Posts made in September, 2010

Thank you kindly

Posted By on Sep 24, 2010

Blooms By The Box would like to thank all of you who participated in “Blooms for the Ultimate Budget Savvy Bride”. All of the entries blew away our expecations and it was VERY hard choosing the final 5 essays. We wish you all the best of luck with the rest of your wedding planning! Congratulations to those who made the top 5, voting is now open on The Budget Savvy Bride until September 30th, 2010. Good luck!

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Here’s some awesome tips and tricks from Michelle. Good luck in both the contest and the rest of your wedding planning! Thank you so much for your entry.
I struggled with the idea of a wedding for a lot of reasons. For one, I’m still in college, and my groom-to-be only just graduated. For another, a really small wedding just isn’t in the cards, as it’s important for us to have our families there, and the groom’s side of the family is huge. We will have to pay for the bulk of the wedding ourselves, and I’m a little terrified. Most of what little savings we have are being channeled into one day, and not only was I a little appalled by how much some weddings can cost, we just don’t have the funds to have an all-out bash. I’m still in the early stages of planning, but I wanted to share with you what I have so far!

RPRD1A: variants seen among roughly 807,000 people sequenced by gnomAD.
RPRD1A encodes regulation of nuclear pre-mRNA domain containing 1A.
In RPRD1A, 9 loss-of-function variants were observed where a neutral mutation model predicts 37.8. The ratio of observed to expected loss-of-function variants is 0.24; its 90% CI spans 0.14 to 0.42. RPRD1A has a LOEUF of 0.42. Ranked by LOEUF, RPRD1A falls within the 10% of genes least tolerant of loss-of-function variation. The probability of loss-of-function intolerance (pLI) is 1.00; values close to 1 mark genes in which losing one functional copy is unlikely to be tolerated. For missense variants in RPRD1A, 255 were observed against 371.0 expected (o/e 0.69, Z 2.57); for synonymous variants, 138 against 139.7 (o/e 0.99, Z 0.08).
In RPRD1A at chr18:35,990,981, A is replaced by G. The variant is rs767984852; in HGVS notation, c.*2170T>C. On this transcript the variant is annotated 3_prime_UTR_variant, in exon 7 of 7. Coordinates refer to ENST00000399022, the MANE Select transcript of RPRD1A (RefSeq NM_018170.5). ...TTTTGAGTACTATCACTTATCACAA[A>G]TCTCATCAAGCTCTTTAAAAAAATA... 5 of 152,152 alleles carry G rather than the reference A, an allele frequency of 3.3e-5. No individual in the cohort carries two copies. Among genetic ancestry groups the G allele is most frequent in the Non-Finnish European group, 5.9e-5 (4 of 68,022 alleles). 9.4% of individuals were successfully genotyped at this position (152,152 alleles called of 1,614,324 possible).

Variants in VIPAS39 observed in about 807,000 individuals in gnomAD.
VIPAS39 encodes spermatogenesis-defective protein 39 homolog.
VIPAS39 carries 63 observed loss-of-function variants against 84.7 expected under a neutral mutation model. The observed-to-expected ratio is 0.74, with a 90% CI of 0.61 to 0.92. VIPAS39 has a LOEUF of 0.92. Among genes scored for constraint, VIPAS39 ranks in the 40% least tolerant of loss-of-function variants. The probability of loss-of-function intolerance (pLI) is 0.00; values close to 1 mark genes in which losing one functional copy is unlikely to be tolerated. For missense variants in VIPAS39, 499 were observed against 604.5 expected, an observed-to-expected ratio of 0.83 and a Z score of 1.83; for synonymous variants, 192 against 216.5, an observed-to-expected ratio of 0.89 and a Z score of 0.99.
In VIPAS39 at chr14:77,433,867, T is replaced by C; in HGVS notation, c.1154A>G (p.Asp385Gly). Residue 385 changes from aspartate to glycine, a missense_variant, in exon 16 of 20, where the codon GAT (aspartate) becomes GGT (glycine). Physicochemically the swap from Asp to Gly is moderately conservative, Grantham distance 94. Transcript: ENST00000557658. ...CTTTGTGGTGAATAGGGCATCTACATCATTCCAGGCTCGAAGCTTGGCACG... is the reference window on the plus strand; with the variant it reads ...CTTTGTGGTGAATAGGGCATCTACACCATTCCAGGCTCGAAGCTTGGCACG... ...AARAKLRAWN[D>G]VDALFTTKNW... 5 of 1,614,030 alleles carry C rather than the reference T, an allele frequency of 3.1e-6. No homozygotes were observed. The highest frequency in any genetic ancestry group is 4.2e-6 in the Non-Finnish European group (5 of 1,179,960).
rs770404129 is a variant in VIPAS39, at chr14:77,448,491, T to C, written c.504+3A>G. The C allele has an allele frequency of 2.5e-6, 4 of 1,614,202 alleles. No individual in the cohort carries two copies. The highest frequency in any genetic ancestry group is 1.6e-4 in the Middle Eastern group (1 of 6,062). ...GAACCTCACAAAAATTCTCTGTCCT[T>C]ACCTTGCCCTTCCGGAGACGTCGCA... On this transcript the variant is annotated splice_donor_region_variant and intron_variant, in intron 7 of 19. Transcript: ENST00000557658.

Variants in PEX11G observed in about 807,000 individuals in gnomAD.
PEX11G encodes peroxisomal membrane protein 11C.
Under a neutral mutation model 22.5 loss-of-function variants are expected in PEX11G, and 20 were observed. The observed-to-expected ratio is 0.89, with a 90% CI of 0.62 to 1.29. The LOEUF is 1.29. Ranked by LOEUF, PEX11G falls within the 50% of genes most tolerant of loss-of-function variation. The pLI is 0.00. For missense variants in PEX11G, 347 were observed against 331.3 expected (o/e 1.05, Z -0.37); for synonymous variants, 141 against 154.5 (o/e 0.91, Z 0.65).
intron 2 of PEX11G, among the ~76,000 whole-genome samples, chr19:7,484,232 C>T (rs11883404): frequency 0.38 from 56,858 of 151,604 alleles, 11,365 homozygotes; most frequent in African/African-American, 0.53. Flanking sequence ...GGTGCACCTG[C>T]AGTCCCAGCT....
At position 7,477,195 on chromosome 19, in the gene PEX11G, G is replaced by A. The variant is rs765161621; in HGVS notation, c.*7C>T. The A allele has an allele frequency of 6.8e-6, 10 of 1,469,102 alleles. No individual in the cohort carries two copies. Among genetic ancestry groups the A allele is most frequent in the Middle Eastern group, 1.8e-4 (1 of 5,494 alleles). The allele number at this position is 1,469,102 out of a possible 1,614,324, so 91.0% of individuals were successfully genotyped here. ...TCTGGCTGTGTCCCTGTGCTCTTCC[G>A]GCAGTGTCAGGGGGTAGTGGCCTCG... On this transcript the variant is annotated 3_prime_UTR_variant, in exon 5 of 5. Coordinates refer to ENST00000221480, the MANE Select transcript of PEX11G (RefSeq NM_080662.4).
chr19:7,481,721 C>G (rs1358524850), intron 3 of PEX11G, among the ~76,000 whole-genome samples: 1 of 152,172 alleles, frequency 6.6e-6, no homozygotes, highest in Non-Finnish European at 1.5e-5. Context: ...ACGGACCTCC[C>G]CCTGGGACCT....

When we started planning, we sat down and considered what we could do without. By consuming less, we’re not only helping the environment; in many cases, we’ll also be saving money. High fives all around! Neither of us care about a bouquet, a garter, a veil, wedding favors, boutonnieres, or paper save-the-dates, to name a few. We aren’t including response cards with the invitations, instead inviting people to respond on our wedding website or to give us a call. We decided on a daytime wedding, between lunch and dinner, with heavy hors d’oeuvres and a gorgeous cake spread. Besides saving on food, I won’t have to worry about escort cards. I plan on buying a used wedding dress and wearing fabulous black heels that I already own.